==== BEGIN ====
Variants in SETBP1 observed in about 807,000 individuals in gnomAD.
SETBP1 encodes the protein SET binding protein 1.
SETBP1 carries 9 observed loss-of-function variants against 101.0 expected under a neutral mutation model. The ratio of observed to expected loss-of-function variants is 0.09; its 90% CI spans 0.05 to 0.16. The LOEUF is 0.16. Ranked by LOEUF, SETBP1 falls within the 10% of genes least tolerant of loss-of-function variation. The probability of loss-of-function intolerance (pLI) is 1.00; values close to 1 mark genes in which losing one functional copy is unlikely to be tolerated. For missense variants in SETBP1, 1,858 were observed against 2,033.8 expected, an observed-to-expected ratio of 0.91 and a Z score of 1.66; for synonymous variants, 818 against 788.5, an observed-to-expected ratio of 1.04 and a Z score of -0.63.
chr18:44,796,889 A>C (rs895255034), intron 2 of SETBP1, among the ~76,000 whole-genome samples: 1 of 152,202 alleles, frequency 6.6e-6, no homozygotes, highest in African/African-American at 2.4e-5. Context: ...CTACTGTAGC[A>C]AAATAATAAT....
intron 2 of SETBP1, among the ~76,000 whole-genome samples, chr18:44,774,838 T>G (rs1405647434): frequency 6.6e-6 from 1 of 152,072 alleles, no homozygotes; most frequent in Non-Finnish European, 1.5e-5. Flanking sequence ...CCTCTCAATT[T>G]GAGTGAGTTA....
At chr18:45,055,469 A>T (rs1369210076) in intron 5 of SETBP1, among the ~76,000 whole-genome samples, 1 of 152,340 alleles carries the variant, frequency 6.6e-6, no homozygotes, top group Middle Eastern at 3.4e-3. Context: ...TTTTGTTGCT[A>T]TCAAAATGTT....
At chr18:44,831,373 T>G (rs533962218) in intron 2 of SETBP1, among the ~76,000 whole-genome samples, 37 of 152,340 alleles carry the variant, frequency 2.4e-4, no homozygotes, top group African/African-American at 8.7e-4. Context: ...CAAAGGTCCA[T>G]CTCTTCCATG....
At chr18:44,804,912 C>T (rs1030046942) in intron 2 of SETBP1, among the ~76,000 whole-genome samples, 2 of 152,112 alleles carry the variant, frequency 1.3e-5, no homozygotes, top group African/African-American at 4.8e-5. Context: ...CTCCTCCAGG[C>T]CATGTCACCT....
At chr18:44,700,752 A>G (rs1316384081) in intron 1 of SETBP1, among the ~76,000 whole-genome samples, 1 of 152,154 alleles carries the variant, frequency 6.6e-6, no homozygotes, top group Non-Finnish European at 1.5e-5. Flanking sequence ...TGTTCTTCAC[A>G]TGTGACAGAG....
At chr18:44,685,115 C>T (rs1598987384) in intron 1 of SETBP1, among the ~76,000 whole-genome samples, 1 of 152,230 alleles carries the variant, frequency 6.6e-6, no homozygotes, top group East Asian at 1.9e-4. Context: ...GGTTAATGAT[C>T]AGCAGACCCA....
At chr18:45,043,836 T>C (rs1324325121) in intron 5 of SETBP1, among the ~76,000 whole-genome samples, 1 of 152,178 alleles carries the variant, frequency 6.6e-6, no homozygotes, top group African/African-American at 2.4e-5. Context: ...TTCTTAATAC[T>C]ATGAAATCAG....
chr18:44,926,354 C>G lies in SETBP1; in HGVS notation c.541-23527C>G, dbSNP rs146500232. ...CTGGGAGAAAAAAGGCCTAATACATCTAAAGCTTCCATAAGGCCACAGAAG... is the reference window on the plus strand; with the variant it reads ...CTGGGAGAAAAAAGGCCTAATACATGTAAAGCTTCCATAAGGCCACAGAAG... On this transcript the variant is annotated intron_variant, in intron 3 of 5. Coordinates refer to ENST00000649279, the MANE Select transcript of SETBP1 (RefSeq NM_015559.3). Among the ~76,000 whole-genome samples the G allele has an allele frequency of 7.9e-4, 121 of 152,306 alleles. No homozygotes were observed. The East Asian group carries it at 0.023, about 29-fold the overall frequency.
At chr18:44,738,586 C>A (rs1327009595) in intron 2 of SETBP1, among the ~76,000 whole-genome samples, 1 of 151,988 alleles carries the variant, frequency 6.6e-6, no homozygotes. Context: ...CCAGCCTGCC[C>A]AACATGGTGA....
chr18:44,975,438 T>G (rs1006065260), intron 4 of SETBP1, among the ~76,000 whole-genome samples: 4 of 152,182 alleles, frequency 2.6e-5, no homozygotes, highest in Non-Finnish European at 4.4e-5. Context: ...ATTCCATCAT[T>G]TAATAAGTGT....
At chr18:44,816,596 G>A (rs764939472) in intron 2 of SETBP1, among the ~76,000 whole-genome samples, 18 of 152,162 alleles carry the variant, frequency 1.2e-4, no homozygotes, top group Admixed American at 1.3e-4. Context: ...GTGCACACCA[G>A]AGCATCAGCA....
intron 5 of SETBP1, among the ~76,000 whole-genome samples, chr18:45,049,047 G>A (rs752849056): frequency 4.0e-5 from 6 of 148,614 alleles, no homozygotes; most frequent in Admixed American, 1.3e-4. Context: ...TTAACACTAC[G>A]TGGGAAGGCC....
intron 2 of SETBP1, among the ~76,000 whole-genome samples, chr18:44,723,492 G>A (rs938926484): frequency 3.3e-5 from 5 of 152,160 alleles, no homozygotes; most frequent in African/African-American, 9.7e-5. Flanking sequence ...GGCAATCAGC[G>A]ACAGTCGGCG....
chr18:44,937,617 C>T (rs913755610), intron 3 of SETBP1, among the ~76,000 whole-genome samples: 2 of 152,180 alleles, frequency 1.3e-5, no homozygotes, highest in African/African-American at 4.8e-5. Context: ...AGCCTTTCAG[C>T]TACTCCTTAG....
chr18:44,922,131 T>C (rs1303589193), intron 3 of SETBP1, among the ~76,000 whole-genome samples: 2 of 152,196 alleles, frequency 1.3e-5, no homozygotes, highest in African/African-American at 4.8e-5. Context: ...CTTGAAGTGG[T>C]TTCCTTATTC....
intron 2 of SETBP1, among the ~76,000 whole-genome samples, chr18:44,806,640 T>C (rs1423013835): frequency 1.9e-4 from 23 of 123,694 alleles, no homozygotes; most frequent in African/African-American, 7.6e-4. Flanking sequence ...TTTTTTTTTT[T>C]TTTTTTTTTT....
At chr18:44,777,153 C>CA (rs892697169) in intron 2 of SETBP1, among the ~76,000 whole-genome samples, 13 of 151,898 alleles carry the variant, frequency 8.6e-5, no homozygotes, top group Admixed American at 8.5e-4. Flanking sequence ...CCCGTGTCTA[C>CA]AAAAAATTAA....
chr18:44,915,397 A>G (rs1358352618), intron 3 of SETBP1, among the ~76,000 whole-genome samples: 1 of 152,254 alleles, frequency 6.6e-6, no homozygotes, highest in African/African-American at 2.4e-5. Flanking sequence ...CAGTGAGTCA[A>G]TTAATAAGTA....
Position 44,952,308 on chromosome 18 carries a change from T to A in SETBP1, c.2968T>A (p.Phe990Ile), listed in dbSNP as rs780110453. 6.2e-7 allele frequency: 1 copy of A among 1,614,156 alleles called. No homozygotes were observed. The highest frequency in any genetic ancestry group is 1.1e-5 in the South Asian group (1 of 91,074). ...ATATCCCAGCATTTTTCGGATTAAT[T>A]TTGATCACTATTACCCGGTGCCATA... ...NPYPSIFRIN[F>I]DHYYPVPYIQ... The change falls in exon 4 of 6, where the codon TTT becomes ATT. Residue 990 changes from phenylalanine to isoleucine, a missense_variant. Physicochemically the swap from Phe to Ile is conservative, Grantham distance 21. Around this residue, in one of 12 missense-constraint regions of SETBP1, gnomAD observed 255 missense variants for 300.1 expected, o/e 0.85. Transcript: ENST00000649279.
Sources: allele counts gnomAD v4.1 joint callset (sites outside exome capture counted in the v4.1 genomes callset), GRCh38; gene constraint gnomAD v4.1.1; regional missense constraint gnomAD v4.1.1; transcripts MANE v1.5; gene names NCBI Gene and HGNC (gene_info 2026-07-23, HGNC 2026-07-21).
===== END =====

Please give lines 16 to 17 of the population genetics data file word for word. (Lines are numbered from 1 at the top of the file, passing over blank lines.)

intron 5 of SETBP1, among the ~76,000 whole-genome samples, chr18:45,049,047 G>A (rs752849056): frequency 4.0e-5 from 6 of 148,614 alleles, no homozygotes; most frequent in Admixed American, 1.3e-4. Context: ...TTAACACTAC[G>A]TGGGAAGGCC....
intron 2 of SETBP1, among the ~76,000 whole-genome samples, chr18:44,723,492 G>A (rs938926484): frequency 3.3e-5 from 5 of 152,160 alleles, no homozygotes; most frequent in African/African-American, 9.7e-5. Flanking sequence ...GGCAATCAGC[G>A]ACAGTCGGCG....